Violet Yedon still has a lot of fight left in her.
Armed with her two-wheeled walking aid, the 83-year-old longtime east Scarborough resident made her way through the year’s first major snowfall to be at the civic centre last Thursday where she went on the attack against a mountain of problems in her public housing development.
“It isn’t fair to us to live that way,” said Yedon, to the Observer. “These buildings need fixing and if they don’t fix them as soon as they can, the building may deteriorate more and it won’t be healthy for anyone to live in
Yedon, who lives at 4301 Kingston Rd., says she’s been battling away, “trying to argue points across to people that we do need [the repairs].”
The meeting was the fifth Scarborough Community Summit, hosted by the Scarborough Civic Action Network (Scarborough CAN) and was described as a “consultation process” to make the former municipality stronger.
This summit was touted as a way to engage citizens, share ideas, and have a voice in the community. Yedon was there for the latter.
What, specifically, needs fixing?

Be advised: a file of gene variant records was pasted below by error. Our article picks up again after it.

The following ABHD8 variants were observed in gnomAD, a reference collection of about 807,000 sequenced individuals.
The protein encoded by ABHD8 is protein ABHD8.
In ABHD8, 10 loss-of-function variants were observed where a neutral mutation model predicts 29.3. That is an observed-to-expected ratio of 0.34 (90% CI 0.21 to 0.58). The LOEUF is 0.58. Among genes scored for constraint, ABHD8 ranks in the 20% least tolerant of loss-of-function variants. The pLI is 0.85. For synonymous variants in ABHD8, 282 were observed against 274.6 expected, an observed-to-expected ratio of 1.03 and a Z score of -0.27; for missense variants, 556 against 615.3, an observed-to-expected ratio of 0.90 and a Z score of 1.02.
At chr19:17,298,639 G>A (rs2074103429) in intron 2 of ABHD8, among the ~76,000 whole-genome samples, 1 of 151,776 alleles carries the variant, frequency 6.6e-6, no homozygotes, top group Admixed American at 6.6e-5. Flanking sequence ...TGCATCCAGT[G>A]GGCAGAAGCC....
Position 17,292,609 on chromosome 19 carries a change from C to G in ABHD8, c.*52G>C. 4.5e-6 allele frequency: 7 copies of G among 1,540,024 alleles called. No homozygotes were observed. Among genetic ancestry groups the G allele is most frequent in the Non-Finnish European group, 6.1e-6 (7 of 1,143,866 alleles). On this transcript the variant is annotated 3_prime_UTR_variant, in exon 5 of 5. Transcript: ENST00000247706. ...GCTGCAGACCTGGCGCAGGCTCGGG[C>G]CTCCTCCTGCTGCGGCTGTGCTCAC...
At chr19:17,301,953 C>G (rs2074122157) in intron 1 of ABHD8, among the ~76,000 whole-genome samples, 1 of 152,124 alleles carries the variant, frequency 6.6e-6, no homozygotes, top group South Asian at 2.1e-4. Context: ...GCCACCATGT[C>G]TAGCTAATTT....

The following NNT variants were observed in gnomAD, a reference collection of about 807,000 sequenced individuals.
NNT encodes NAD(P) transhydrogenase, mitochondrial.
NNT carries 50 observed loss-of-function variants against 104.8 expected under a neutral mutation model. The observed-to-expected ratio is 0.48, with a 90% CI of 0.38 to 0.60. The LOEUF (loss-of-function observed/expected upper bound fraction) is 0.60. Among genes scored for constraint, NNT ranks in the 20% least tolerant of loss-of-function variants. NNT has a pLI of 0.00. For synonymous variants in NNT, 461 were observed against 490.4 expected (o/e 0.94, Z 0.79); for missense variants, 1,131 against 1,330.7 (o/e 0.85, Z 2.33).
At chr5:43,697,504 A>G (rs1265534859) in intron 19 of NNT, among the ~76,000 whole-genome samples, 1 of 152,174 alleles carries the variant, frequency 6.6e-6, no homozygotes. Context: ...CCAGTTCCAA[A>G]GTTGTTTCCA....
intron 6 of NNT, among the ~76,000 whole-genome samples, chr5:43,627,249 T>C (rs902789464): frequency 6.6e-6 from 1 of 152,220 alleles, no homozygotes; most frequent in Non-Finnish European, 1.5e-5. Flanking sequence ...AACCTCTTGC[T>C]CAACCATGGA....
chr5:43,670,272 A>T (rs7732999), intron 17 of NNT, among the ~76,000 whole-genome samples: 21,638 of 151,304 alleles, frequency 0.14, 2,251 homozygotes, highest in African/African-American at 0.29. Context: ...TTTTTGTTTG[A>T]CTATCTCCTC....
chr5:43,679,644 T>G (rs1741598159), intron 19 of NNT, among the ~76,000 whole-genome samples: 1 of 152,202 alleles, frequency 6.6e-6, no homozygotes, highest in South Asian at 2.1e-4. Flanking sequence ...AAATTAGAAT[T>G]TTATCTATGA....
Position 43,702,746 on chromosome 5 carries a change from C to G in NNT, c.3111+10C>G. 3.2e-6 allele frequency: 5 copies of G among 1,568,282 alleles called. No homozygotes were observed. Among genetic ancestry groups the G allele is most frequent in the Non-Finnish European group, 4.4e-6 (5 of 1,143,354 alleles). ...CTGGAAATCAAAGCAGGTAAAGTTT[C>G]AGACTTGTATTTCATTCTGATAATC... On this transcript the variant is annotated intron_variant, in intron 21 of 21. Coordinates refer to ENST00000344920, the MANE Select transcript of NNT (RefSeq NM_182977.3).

“Everything,” said Chris McDonell, one of several other tenants from Yedon’s building, who eventually singled out high crime rates in the area and infestations of cockroaches.
“You’re scared to let anybody come in your apartment, it’s that bad,” the 63-year-old said.
Toronto Community Housing owns Yedon’s building, as well as living accommodations for 164,000, or six per cent, of Toronto’s population. Other activist groups have protested the living conditions in public housing, including the Ontario Coalition Against Poverty, which has named the corporation as the city’s worst landlord.
Though Mayor David Miller was not on hand to get a tongue lashing from Yedon, a number of provincial politicians — including newly elected MPP Margarett Best — were there to field questions from residents.
“The housing issue is a huge issue, but this government is certainly looking at the different programs and initiatives to address poverty and issues related to housing and all the different issues that affect low income people,” said Best, pointing out initiatives already aimed at helping out poverty-stricken citizens in her riding.
Included is the Ontario Child Benefit and the Youth in Policing Initiative.
“[Housing issues] are all important, but I feel that we have to provide opportunities for the younger people so that they can bring their dreams to fruition.”
Best’s fellow Liberal MPPs, which included Lorenzo Berardinetti, Brad Duguid, and Gerry Phillips, were also on hand to field questions about employment, youth issues, and raising the minimum wage.